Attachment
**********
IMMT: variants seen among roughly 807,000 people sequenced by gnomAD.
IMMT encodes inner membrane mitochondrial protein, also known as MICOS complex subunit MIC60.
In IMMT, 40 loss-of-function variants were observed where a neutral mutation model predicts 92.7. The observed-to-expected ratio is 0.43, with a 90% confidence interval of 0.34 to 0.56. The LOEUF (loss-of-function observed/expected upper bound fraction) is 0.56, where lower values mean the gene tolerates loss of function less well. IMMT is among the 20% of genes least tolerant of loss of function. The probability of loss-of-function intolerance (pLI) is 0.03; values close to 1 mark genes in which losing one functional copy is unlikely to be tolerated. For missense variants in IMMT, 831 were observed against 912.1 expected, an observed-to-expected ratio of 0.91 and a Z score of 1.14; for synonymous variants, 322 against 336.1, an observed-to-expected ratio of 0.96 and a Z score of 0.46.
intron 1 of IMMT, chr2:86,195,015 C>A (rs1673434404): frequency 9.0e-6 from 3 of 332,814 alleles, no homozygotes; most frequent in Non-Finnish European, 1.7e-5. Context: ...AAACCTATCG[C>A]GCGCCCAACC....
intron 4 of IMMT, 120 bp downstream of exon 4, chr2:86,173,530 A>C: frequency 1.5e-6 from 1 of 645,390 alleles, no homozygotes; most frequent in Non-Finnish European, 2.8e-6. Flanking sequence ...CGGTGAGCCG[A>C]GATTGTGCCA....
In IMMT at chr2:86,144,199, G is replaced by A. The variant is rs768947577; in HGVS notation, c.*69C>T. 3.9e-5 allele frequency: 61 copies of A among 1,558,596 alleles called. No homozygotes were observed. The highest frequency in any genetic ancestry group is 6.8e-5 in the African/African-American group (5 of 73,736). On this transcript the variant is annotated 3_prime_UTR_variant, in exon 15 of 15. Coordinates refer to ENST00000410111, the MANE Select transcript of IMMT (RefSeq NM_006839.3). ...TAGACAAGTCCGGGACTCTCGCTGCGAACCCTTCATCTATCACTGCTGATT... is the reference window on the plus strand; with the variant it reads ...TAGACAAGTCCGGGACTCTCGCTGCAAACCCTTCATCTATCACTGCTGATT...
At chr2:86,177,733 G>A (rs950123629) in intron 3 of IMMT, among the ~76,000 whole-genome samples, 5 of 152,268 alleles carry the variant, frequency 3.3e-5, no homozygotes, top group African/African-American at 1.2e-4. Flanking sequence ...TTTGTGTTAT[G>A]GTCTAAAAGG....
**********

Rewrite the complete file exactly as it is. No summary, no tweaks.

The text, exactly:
IMMT: variants seen among roughly 807,000 people sequenced by gnomAD.
IMMT encodes inner membrane mitochondrial protein, also known as MICOS complex subunit MIC60.
In IMMT, 40 loss-of-function variants were observed where a neutral mutation model predicts 92.7. The observed-to-expected ratio is 0.43, with a 90% confidence interval of 0.34 to 0.56. The LOEUF (loss-of-function observed/expected upper bound fraction) is 0.56, where lower values mean the gene tolerates loss of function less well. IMMT is among the 20% of genes least tolerant of loss of function. The probability of loss-of-function intolerance (pLI) is 0.03; values close to 1 mark genes in which losing one functional copy is unlikely to be tolerated. For missense variants in IMMT, 831 were observed against 912.1 expected, an observed-to-expected ratio of 0.91 and a Z score of 1.14; for synonymous variants, 322 against 336.1, an observed-to-expected ratio of 0.96 and a Z score of 0.46.
intron 1 of IMMT, chr2:86,195,015 C>A (rs1673434404): frequency 9.0e-6 from 3 of 332,814 alleles, no homozygotes; most frequent in Non-Finnish European, 1.7e-5. Context: ...AAACCTATCG[C>A]GCGCCCAACC....
intron 4 of IMMT, 120 bp downstream of exon 4, chr2:86,173,530 A>C: frequency 1.5e-6 from 1 of 645,390 alleles, no homozygotes; most frequent in Non-Finnish European, 2.8e-6. Flanking sequence ...CGGTGAGCCG[A>C]GATTGTGCCA....
In IMMT at chr2:86,144,199, G is replaced by A. The variant is rs768947577; in HGVS notation, c.*69C>T. 3.9e-5 allele frequency: 61 copies of A among 1,558,596 alleles called. No homozygotes were observed. The highest frequency in any genetic ancestry group is 6.8e-5 in the African/African-American group (5 of 73,736). On this transcript the variant is annotated 3_prime_UTR_variant, in exon 15 of 15. Coordinates refer to ENST00000410111, the MANE Select transcript of IMMT (RefSeq NM_006839.3). ...TAGACAAGTCCGGGACTCTCGCTGCGAACCCTTCATCTATCACTGCTGATT... is the reference window on the plus strand; with the variant it reads ...TAGACAAGTCCGGGACTCTCGCTGCAAACCCTTCATCTATCACTGCTGATT...
At chr2:86,177,733 G>A (rs950123629) in intron 3 of IMMT, among the ~76,000 whole-genome samples, 5 of 152,268 alleles carry the variant, frequency 3.3e-5, no homozygotes, top group African/African-American at 1.2e-4. Flanking sequence ...TTTGTGTTAT[G>A]GTCTAAAAGG....